Barbara Sonderman is a hidden power-planter on MU’s campus

Barbara Sonderman, Tucker Greenhouse Coordinator

One wall of Tucker Greenhouse backs up against the walls of the biology labs on the University of Missouri’s campus, and it is covered in graffiti.

“Always do your best,” the graffiti reads. “What you plant now, you will harvest later.”

The graffiti is made of moss — not paint — and the plant grows against the wall like it would on a tree or rock in the woods.

Barbara Sonderman and her botany students found a way to “paint” moss on the walls of the greenhouse. They mix the greenery with a few ingredients — yogurt, moss, sugar and water —  and apply the mixture with a paintbrush. Sonderman tends to the resulting graffiti every day to keep it growing.

Tucker Greenhouse is not just a greenhouse but home to hundreds of plants. Sonderman has been the keeper for five years.

Botanist David Dunn filled Tucker Greenhouse with countless species of plants from all over South and Central America. Forty years and two botanists later, many of these plants continue to grow in the floor, from the ceilings, and off other plants.

Sonderman waters 500 to 800 species of plants and hand pollinates most of them daily. She touches each plant as she walks through the rooms of the greenhouse — succulent, fern, moss — and recites the scientific name, common name, an interesting story or fact and the biological processes, all with the sound of wonderment in her voice. Her knowledge and love of each plant is motherly; she speaks about them is as if they have minds of their own.

Sonderman said her favorite plants are tropical plants.

“Tropical plants are just so beautiful,” she said. “I love that they love humid, hot air. Their flowers and fruits are just so beautiful. Like the chocolate tree I have growing here, or the vanilla orchid, or the papaya.” Some of these plants Barbara planted after traveling to Central America. One is a red flowering tree plant called The Pride of Barbados, a tree Barbara saw while visiting Central America. She returned to Columbia, looked it up, and had it shipped to Missouri so it could grow in the greenhouse.

Her partner, Martha Pickens said, “Barb is tuned into the natural world in ways that most of us are not.”  Pickens met Sonderman 20 years ago, and they’ve lived in a specially designed eco-friendly home together since 2001. For instance, the windows face east and west to increase heat from the sun and reduce the need to heat the home in the winter.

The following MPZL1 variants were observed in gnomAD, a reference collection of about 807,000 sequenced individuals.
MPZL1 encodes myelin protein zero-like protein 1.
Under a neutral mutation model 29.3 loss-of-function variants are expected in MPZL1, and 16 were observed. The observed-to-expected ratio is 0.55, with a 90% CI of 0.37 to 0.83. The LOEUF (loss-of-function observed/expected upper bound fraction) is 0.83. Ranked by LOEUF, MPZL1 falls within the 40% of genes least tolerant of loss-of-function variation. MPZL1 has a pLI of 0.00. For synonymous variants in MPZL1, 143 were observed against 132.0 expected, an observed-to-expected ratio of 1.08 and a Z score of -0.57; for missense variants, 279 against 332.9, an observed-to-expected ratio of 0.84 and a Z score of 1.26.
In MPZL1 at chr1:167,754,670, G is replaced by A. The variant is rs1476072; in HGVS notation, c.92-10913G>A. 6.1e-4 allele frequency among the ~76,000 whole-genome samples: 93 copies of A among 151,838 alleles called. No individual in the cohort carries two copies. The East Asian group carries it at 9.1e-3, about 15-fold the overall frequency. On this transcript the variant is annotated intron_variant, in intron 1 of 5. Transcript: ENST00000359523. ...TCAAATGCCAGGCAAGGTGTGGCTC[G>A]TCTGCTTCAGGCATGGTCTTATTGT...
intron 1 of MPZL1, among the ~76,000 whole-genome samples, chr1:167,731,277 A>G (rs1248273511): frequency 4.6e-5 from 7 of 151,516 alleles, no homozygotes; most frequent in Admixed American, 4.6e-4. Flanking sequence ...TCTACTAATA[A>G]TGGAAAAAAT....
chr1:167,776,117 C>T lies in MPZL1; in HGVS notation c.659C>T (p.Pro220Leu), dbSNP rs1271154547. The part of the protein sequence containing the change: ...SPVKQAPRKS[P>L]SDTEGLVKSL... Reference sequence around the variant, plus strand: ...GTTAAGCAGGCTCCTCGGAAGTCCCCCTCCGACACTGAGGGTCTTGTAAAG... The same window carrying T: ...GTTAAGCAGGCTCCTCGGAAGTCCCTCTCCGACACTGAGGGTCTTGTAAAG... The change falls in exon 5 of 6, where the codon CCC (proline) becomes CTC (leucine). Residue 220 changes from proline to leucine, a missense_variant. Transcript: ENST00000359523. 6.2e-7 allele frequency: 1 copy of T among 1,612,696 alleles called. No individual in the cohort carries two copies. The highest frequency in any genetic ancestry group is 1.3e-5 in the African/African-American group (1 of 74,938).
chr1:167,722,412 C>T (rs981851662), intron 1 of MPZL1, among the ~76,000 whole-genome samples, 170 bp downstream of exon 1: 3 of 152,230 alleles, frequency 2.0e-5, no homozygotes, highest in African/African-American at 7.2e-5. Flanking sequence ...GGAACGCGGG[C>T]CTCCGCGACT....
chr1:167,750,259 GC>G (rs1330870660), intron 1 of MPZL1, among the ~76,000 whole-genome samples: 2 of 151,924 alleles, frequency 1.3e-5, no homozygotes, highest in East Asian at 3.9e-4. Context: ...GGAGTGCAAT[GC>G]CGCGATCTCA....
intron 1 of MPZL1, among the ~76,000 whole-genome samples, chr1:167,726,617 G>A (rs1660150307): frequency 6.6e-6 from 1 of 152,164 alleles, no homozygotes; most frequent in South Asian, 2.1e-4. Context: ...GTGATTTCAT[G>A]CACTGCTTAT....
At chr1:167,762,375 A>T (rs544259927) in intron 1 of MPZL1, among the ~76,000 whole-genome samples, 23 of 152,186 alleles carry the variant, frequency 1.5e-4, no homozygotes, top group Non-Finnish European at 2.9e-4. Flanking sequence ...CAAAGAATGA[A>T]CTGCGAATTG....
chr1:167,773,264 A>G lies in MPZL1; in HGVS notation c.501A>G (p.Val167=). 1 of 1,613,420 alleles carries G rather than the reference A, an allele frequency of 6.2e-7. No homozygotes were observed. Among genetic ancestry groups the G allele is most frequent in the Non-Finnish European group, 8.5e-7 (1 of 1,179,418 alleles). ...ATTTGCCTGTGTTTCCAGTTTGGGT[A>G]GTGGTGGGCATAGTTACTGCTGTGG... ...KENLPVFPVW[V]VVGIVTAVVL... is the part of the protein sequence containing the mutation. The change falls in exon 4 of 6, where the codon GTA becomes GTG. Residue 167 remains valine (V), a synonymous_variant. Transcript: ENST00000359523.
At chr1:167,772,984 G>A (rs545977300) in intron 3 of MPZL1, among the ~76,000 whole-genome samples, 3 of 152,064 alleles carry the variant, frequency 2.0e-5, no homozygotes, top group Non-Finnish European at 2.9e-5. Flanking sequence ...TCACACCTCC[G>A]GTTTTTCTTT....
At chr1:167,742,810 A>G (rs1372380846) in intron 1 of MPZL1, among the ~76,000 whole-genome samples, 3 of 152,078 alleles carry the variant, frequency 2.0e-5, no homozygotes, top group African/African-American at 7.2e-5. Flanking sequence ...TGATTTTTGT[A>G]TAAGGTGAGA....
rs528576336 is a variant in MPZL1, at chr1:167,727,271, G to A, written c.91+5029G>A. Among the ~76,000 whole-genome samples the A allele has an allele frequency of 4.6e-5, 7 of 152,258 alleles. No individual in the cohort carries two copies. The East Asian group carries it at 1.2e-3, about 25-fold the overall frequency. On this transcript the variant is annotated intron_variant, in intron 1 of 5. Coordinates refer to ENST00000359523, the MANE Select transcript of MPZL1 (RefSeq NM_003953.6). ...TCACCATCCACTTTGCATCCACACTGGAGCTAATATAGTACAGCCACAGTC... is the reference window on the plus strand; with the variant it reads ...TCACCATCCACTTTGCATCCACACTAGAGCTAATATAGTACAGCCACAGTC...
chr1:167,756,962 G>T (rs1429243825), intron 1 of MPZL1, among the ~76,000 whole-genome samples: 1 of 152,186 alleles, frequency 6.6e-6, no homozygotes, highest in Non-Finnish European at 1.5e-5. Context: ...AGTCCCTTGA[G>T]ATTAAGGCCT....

“I am content to think a particular flower is pretty, and to observe unusual markings on the flower; Barb goes way beyond that,” Pickens said. “She’ll have a hunch about” which “family the flower belongs to, she’ll look it up and read all about it. Barb is always looking at the natural world and seeing subtle changes or noticing relationships between plants and their environment.”

Sonderman has a love for all things flora but like any scientist, she does have favorite biological processes.

“And my favorite thing to teach about botany and plants in general is how a certain plant forms its fruit, how certain plants that are medicinal are probably also somewhat toxic,” Sonderman said.

She lists a few plants in the adjacent room that have toxic and medicinal qualities, as well as histories. For example, Araceae Colocasia Esculenta is known as taro, or the elephant ear plant. The taro is a root vegetable plant from Southeast Asia that is eaten the same way potatoes are eaten in the U.S. Barbara launched into a story about a previous student from Southeast Asia, and explained how her family cooked and ate it. A similar origin story accompanies every plant in every room. Her breadth of knowledge is surprisingly self-cultivated, for the most part.

Sonderman grew up in a St. Louis home surrounded by plants. She noted that her grandfather and his vegetable garden influenced her love of plants as a child. Originally, she studied anthropology at MU. During her studies, she became interested in how different cultures use plants, so she decided to study plant science and ethnobiology. After college she owned a landscaping business, worked in a florist’s shop and tended to plants for hospitality businesses for a few decades. Five years ago, Sonderman was offered the job of Tucker Greenhouse’s keeper. She began to teach students from all over Columbia — even some from surrounding towns — and use the greenhouse as a tool. Sonderman found that she loves to teach and share her passion with others, especially when students have little plant exposure.

“Last year, I had been growing some green beans in a pot, and they had bloomed,” Sonderman said. “This student looks at me and said, ‘What are those green things hanging on there?’ So I said, ‘Okay, do you like green beans?’ … and I took one off and bit it and he goes ‘Oh! That’s what that thing is?’ ”

She laughed softly. Her laughter is the same gentle tone of her words — ethereal and light, reminiscent of the plants she works with in the greenhouse.

“Barb is a gentle soul; she is also very inquisitive about the things that interest her,” Pickens said. “I think that her love of plants is an outward expression of that gentle soul.”

Katherine Hambrick

About the Author Katherine Hambrick

My name is Katherine Hambrick, and I am a last semester senior in Science and Agricultural Convergence- Journalism at the University of Missouri. I like to focus on environmental science and climate issue stories, though I enjoy all science and agricultural topics. I also love using emerging technologies to tell scientific stories, and I think these new media are the future of science journalism.